Is there any other?
with Taiwan’s National Symphony Orchestra (國家交響樂團) under Maestro Shao-Chia Lü (呂紹嘉), stage director Carlus Padrissa, a co-production of Palau de les Arts Reina Sofia and Maggio Musicale Fiorentino, with full credits shown below
This performance on Friday evening (apparently) was the inaugural performance in Taiwan’s (almost) brand new opera house in Taichung (台中) a bit farther south of Taipei. It’d been ‘opened’ and ‘finished’ then closed, and finally reopened, and what an opening it was.
The design of the building is rather striking, not particularly the architectural style I would have chosen but spectacular nonetheless. After having seen mockups and images and icons and marketing stuff that all center around the building’s unique facade, it was especially impressive to be there and see it in person. It was designed by Toyo Ito, and is a phenomenal space for all sorts of events and artistic endeavors beyond just opera.
I got there early on Friday to check it out, and it is, of course, remarkably beautiful. After having only seen pictures of the notable facade, entering the building was nothing short of breathtaking, in the most literal sense possible. Architecturally, it is grand, broad, open, but also intimate and magical. A reviewer described it as like entering some kind of cave, and its giant, natural curving arches and openings are in effect one singular surface, a continuation of the curvatures from the building’s facade.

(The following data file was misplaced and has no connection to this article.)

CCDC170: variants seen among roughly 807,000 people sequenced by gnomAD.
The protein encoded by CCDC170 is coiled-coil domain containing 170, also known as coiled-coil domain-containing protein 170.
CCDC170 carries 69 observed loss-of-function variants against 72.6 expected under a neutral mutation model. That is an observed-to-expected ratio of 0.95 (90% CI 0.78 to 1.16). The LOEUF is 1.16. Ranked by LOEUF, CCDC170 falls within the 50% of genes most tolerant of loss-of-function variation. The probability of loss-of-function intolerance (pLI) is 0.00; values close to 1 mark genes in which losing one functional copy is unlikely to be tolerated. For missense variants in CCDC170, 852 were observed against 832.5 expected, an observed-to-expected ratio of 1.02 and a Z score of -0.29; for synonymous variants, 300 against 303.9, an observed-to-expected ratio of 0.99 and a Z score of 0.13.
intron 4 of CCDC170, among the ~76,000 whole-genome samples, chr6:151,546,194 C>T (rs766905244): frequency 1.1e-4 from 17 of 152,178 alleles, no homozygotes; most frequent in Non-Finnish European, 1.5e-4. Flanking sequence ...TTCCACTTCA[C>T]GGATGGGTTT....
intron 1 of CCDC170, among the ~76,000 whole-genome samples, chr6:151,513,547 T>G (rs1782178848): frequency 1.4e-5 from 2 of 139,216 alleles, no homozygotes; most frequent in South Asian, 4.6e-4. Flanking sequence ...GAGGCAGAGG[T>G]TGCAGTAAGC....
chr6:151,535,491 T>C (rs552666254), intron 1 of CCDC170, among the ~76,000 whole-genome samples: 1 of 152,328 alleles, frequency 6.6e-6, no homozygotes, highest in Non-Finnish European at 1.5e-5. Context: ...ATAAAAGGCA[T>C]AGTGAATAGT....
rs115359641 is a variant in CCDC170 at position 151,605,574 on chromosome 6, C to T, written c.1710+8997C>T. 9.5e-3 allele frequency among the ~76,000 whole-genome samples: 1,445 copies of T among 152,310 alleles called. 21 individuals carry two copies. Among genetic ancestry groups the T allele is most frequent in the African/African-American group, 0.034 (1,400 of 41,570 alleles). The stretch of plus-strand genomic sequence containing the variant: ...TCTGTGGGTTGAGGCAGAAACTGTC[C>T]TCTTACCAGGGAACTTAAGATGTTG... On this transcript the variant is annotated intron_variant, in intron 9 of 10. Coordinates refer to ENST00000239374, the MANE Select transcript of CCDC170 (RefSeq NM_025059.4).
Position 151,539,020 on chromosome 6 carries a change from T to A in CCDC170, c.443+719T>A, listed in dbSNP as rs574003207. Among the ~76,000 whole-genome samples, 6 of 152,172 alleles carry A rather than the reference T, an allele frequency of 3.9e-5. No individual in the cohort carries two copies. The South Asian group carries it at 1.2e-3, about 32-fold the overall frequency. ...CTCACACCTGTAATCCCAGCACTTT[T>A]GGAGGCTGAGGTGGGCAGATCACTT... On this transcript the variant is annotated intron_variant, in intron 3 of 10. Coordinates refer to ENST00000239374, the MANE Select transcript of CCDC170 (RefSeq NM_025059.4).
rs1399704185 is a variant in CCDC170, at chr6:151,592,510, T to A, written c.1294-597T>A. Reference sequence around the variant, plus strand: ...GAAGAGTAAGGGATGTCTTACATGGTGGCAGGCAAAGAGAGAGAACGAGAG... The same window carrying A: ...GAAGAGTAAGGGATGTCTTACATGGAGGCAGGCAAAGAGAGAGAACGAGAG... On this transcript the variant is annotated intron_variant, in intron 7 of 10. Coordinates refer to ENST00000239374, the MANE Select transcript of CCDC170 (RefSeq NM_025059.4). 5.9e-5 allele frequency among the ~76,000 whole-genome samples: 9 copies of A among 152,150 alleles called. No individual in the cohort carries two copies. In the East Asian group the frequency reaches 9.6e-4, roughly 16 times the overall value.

I’ll be interested to see what the public spaces look like after the opening ceremonies are done, but Friday they were filled with booths and artisans displaying their wares, like an arts festival or craft market, but instead of unruly children and throngs of loud people, it was perused in more the manner you might visit a museum. I’m not sure if those are permanent fixtures or special occasion, but the space very much lends itself to that kind of openness and wandering. There are small pools of water and relaxing elements that make it natural.